Carbon Based Lifeforms – the ambient electronic duo interviewed
Nov 2017 21

Carbon Based Lifeforms are a really experienced duo of Swedish ambient music producers. The pair, Johannes Hedberg and Daniel Segerstad, have been making music together since 1996, and recently released their latest studio album “Derelicts” on the Finnish label Blood Music, known for their extreme metal. Mike Whyte talked to the duo about the story behind the album, influences, and threw in a couple of cheeky questions along the way.

Ghosts and goblins

After our initial greetings, and some Friday 13th technical hiccups, we got down to the issue of the album. I started by asking them about the influences for the new release.

- Lots and lots of time I think… or hard work! One thing we agreed on in the beginning was we wanted to capture the essence of the first three albums, like the debut ”Hydroponic Garden”. We used a lot of tweaking on the effects and it was sort of psychadelic in a sense. The initial thematic idea was about old forests, ghosts and goblins. But when we write music, tracks tend to get a life of their own.

I know you’re a fan of found sounds, with a coupling of nature and technology. So how do you go about collecting these?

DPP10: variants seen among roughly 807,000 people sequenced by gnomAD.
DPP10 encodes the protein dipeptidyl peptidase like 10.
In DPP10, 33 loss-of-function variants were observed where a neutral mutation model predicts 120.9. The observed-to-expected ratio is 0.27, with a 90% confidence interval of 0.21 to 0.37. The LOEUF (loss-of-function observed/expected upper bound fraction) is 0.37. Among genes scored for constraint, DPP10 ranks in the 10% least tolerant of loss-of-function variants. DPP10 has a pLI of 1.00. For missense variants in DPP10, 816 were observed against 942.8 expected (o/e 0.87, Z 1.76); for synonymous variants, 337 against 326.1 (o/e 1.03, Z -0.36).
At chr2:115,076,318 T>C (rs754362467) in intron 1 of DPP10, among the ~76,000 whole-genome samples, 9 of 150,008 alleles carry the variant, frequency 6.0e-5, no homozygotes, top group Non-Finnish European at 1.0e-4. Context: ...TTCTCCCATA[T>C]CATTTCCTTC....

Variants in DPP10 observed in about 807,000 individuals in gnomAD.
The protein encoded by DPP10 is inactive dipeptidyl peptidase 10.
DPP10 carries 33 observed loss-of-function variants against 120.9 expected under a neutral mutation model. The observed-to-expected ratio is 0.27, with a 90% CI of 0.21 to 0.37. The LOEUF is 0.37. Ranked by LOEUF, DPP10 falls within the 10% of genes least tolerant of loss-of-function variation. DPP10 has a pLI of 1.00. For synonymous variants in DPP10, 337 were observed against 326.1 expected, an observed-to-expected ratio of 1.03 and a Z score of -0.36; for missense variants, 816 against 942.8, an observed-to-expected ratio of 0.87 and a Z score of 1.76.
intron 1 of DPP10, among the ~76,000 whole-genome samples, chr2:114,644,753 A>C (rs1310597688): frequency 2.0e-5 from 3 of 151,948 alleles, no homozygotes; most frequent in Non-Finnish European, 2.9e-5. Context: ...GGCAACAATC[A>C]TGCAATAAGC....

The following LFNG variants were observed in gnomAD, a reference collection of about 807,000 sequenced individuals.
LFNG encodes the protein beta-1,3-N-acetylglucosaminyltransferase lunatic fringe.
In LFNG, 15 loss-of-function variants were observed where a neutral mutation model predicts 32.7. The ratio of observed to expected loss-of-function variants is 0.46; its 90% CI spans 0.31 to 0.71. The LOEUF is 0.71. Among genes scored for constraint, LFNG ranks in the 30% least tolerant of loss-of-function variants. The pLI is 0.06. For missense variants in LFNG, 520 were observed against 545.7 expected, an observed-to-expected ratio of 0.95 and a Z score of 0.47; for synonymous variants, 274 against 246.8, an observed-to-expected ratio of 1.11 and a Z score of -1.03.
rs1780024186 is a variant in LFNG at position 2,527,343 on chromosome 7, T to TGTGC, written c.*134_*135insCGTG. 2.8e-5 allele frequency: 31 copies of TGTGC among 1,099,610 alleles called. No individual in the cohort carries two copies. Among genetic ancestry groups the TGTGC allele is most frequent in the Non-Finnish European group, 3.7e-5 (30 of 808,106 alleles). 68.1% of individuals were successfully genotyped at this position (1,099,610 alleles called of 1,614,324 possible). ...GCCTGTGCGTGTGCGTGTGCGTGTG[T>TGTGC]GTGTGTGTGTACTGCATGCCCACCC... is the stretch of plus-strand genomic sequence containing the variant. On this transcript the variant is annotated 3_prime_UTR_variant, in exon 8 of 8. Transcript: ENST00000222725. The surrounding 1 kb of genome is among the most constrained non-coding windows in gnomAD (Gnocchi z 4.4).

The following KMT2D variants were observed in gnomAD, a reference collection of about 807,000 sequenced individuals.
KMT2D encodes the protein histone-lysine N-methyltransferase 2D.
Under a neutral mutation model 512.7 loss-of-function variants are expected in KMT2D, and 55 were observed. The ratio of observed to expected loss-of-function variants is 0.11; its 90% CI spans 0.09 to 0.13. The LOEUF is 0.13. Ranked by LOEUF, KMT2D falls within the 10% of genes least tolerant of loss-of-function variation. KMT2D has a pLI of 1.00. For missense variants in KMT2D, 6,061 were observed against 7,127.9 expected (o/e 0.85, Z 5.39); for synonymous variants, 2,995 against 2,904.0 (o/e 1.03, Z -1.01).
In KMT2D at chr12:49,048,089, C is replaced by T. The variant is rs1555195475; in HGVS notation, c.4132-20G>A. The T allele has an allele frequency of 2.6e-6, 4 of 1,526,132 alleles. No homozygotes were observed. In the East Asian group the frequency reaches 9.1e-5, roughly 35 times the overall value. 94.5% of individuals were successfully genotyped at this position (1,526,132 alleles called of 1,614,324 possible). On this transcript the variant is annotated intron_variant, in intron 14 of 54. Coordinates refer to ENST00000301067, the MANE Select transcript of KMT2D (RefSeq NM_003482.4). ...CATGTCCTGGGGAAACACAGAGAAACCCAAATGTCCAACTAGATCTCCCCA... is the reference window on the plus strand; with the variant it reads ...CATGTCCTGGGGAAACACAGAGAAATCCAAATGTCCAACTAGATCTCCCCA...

- I think it’s a matter of listening to your environment, wherever that might be. And if you find a nice sound or with a nice body to it, or a rhythm – start the memo there, go record it. Luckily field recordings with your phone have a good quality these days, because we don’t really walk around with a field recorder. Not on a daily basis anyway. We used to actually, but we lost it in the Ukraine – for real – I believe it was a Yamaha. So, yeah, sort of in the moment thing, listening to the environment, all the time you can just pick up something.

Do you have any particular favourite places you like to collect the sounds from, or really just on your travels?

- I would say on our travels, for the most part. Even though the sounds of the Swedish forest are really nice, so that’s something you can always do.

Live 2014.

Do you also do the same process when you’re outside of Sweden?

- Yeah, yeah for sure. Actually we went to your hometown London. A couple of years ago we were at the Kensington Gardens and we heard this big piano. We couldn’t see it, we just heard it and started recording it. It’s in the track “Kensington Gardens” on the fourth album “Twentythree”.